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Jerry Seinfeld: Lessons from a pro

Unpacking Jerry Seinfeld's recent Duke Commencement Address


My guilty pleasure is preparing dinner with a glass of chardonnay whilst watching Seinfeld with my noise-cancelling headphones. Once I finish the series (all 66 hours worth), it doesn’t take me long to start watching it from the beginning again. Needless to say, I’m a huge fan. 


For that reason, I was thrilled to see this video recently released containing two of my favourite things: Jerry Seinfeld and public speaking. 


If you haven’t watched Jerry’s recent Duke commencement address, grab a coffee, take a break and do so. Here’s my take on what makes it a brilliant speech. 


—Doing away with cliches—


Dull speeches incorporate cliches. Cliches are the low-hanging fruit of the speaking world. They’re safe, familiar, and they sound nice...but, due to their overuse, they don't carry any meaning.


To get his audience’s attention, Jerry does the opposite, he intentionally says things that contradict cliches. Here are a few of my favourites:

  • “To hell with passion.”

  • “Fall in love with everything...Find something where you love the good parts and don’t mind the bad parts too much. The torture you’re comfortable with.”

  • “If you…have no idea what you like, what you’re interested in, or what you want to do in life, you are the luckiest ones here.” 

  • “I would like to take a moment to defend [privilege].”  

  • “Work is wonderful. I definitely won’t be looking back on my life wishing I worked less.” 

  • “Thanks for the phoney degree and the ridiculous outfit.”


These anti-cliches are humorous and thought-provoking.


—Incorporating quotables— 


A quotable is a pithy phrase or sentence you want to write down or get printed on a t-shirt. They’re catchy and often encapsulate a key idea. Jerry’s speech is peppered with quotables. Here are my favourites:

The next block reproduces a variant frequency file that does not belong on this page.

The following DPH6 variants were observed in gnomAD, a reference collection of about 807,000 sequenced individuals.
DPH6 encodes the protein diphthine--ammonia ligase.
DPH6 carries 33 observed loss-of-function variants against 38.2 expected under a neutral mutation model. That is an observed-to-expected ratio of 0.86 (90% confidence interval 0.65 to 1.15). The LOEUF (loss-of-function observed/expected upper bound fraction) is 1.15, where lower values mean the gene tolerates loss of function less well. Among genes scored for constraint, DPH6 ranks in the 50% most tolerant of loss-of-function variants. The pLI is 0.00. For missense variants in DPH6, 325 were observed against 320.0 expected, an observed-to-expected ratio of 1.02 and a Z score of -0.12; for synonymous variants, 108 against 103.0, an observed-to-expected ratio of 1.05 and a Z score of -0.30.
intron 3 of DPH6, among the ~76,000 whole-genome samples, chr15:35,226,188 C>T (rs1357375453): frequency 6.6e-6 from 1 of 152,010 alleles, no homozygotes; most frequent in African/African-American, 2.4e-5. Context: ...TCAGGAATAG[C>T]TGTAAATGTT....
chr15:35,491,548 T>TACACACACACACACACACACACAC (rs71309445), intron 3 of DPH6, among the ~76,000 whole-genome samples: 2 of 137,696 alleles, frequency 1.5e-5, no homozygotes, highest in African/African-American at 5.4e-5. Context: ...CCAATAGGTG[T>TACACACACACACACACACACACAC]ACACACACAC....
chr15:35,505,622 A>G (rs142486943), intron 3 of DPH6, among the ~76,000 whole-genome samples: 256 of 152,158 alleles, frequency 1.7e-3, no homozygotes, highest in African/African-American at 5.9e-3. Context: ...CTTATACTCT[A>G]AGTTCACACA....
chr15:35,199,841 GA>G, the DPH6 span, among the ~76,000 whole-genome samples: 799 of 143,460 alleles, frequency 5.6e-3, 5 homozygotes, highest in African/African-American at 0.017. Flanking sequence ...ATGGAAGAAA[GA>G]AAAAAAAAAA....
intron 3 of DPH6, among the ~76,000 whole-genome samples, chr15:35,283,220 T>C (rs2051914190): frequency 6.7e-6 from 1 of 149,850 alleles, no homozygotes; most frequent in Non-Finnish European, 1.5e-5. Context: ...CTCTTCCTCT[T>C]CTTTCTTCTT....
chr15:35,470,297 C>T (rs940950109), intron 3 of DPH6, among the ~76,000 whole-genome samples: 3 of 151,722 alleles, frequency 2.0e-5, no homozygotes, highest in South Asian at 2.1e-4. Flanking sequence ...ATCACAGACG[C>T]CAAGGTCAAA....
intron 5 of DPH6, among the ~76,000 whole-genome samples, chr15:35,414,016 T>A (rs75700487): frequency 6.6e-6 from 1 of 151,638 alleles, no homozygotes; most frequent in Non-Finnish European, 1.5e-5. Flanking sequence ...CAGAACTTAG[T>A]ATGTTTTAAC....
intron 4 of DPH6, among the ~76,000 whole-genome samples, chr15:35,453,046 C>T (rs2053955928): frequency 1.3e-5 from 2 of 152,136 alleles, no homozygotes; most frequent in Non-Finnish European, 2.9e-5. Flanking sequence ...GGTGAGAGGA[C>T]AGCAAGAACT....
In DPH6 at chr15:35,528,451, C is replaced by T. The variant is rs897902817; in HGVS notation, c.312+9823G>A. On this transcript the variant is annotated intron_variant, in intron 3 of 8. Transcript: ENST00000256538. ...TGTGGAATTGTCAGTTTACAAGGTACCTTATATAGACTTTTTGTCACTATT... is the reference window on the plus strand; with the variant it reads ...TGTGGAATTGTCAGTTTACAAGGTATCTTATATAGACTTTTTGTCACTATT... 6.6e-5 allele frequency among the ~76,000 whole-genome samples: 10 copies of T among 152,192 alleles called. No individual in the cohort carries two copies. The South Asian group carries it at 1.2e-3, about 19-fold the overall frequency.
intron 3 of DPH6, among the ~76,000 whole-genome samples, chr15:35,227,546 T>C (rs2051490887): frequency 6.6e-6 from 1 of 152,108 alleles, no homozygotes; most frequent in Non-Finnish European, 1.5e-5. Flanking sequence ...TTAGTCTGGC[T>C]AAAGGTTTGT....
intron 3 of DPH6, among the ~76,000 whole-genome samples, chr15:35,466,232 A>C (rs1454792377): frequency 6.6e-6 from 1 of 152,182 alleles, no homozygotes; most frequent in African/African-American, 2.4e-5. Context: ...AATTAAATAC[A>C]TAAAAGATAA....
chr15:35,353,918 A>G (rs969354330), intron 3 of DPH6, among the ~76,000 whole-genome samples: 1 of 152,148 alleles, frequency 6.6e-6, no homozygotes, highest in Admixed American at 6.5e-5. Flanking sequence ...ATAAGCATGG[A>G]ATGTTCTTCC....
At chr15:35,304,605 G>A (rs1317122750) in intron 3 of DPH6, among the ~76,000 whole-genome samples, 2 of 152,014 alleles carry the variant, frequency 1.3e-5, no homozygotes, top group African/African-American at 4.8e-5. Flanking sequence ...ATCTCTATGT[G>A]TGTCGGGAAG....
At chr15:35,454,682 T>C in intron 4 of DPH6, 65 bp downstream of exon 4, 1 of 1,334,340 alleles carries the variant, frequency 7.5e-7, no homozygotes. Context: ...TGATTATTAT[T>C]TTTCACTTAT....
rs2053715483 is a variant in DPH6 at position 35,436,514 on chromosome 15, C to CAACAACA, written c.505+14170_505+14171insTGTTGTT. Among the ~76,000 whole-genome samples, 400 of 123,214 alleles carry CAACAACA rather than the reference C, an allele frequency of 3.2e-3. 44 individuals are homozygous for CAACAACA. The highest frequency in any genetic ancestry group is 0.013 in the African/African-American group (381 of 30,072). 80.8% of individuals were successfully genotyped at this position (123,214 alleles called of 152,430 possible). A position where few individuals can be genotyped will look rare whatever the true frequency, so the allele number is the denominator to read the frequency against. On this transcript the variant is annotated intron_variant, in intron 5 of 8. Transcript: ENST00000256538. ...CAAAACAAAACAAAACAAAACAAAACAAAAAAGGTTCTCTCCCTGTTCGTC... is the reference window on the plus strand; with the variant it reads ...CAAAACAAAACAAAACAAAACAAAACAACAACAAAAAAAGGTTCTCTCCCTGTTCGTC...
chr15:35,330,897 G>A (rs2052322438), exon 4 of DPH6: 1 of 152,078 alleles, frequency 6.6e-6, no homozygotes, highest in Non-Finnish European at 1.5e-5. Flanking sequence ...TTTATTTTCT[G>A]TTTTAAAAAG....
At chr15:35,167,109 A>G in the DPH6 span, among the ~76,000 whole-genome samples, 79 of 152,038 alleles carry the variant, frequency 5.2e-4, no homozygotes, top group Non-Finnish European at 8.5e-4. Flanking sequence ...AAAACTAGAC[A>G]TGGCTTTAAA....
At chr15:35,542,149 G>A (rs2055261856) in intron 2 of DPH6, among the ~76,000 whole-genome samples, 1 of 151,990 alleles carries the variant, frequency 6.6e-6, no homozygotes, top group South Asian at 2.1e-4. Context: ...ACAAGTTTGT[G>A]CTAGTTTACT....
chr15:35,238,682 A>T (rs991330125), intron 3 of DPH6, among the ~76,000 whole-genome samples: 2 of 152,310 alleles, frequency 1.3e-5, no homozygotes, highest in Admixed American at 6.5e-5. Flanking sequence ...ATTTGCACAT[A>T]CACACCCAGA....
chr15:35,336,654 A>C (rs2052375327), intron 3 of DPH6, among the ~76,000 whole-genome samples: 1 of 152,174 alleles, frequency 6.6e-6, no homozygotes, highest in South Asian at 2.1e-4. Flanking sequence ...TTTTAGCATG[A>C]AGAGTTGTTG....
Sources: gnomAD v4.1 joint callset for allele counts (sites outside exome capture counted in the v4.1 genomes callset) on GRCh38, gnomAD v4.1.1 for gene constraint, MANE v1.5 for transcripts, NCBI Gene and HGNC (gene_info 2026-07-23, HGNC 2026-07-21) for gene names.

• “We’re proud of things we should be embarrassed about, and embarrassed about things we should be proud of.”

  • “The better job you’ve done in finding a path for yourself, the more boring and predictable your life is going to be.”

  • “The slightly uncomfortable feeling of awkward humour is ok.” 

  • “Don’t think about having, think about becoming.”

  • “The only two things you need to pay attention to in life are work and love.” 


Quotables are effective at distilling ideas into digestible, bite-sized takeaways for the audience. 


—Eye contact— 


It is hard to know whether or not Jerry is reading from a teleprompter. My guess is he is and yet he manages to connect with different sections of the audience left, right, and centre.


Whether or not you're speaking with a teleprompter, if you are presenting in front of a large audience, mentally divide your audience into sections, and aim to make “eye contact” with one section at a time. In doing so, the people in that section, will get the impression you’re looking at them. Just remember not to favour one section over another, and don’t forget about those on the edges. 


—Signposting—


Signposting involves outlining, in bullet point form, what it is you’re going to cover in your speech/presentation. Jerry incorporates signposting when, after his introduction, he says, “I will give you my three real keys to life: bust your ass, pay attention, and fall in love.” He then delves into greater detail about each. This shows the audience what to expect and provides an easy-to-follow structure.


—Hand gestures—


Delivering a talk from behind a lectern isn’t ideal, but sometimes it’s necessary, especially when the lectern mic is the only form of amplification available. In this case, Jerry doesn’t let the lectern prevent him from using his hands. He gestures left and right, but more importantly, he gestures BIG.


Remember: when incorporating delivery techniques such as movement, facial expressions, and gestures in front of large audiences, exaggerate. Otherwise, they’ll get lost. 


—Not drawing attention to inadequacies—


I have a hunch Jerry was recovering from a cold at the time he gave this speech. His voice is a bit crackly and strained. However, he doesn’t draw attention to it or make excuses for it.


Speakers that apologise for not being prepared, having a dry mouth, being underdressed, forgetting lines etc. do themselves and their audience a disservice. Apologising, in many ways, is the same as making an excuse for why you might not do a good job. Don’t make excuses. Just get on with it. 


Have a watch and be inspired.


A fantastic speech by a brilliant man. 



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